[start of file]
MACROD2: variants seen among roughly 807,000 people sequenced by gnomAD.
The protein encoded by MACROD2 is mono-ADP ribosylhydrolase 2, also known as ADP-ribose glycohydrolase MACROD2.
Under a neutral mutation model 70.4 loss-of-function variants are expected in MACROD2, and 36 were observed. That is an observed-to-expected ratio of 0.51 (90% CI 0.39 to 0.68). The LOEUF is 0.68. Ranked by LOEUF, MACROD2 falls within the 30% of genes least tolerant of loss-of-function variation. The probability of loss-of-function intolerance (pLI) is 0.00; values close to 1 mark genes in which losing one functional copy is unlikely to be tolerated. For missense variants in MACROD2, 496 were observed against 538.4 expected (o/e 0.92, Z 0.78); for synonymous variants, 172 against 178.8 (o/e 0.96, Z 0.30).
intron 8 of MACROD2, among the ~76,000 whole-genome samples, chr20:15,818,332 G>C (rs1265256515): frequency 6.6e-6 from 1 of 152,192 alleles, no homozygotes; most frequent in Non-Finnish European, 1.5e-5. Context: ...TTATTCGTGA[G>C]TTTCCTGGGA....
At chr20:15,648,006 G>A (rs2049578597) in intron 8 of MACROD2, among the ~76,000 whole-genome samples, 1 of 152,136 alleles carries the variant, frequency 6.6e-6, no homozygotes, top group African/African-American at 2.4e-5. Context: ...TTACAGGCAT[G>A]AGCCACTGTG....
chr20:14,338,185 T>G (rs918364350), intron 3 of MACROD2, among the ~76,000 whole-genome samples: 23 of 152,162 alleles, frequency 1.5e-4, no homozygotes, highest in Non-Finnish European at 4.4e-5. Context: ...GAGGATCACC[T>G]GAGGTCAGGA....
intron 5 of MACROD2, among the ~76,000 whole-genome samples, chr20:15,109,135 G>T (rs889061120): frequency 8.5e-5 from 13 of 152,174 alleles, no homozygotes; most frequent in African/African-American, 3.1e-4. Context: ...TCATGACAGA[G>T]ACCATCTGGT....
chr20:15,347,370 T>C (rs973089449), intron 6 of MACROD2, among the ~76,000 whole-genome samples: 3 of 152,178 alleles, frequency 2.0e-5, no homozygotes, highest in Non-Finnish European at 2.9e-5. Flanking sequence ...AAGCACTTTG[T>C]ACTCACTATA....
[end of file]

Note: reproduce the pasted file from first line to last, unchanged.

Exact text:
MACROD2: variants seen among roughly 807,000 people sequenced by gnomAD.
The protein encoded by MACROD2 is mono-ADP ribosylhydrolase 2, also known as ADP-ribose glycohydrolase MACROD2.
Under a neutral mutation model 70.4 loss-of-function variants are expected in MACROD2, and 36 were observed. That is an observed-to-expected ratio of 0.51 (90% CI 0.39 to 0.68). The LOEUF is 0.68. Ranked by LOEUF, MACROD2 falls within the 30% of genes least tolerant of loss-of-function variation. The probability of loss-of-function intolerance (pLI) is 0.00; values close to 1 mark genes in which losing one functional copy is unlikely to be tolerated. For missense variants in MACROD2, 496 were observed against 538.4 expected (o/e 0.92, Z 0.78); for synonymous variants, 172 against 178.8 (o/e 0.96, Z 0.30).
intron 8 of MACROD2, among the ~76,000 whole-genome samples, chr20:15,818,332 G>C (rs1265256515): frequency 6.6e-6 from 1 of 152,192 alleles, no homozygotes; most frequent in Non-Finnish European, 1.5e-5. Context: ...TTATTCGTGA[G>C]TTTCCTGGGA....
At chr20:15,648,006 G>A (rs2049578597) in intron 8 of MACROD2, among the ~76,000 whole-genome samples, 1 of 152,136 alleles carries the variant, frequency 6.6e-6, no homozygotes, top group African/African-American at 2.4e-5. Context: ...TTACAGGCAT[G>A]AGCCACTGTG....
chr20:14,338,185 T>G (rs918364350), intron 3 of MACROD2, among the ~76,000 whole-genome samples: 23 of 152,162 alleles, frequency 1.5e-4, no homozygotes, highest in Non-Finnish European at 4.4e-5. Context: ...GAGGATCACC[T>G]GAGGTCAGGA....
intron 5 of MACROD2, among the ~76,000 whole-genome samples, chr20:15,109,135 G>T (rs889061120): frequency 8.5e-5 from 13 of 152,174 alleles, no homozygotes; most frequent in African/African-American, 3.1e-4. Context: ...TCATGACAGA[G>T]ACCATCTGGT....
chr20:15,347,370 T>C (rs973089449), intron 6 of MACROD2, among the ~76,000 whole-genome samples: 3 of 152,178 alleles, frequency 2.0e-5, no homozygotes, highest in Non-Finnish European at 2.9e-5. Flanking sequence ...AAGCACTTTG[T>C]ACTCACTATA....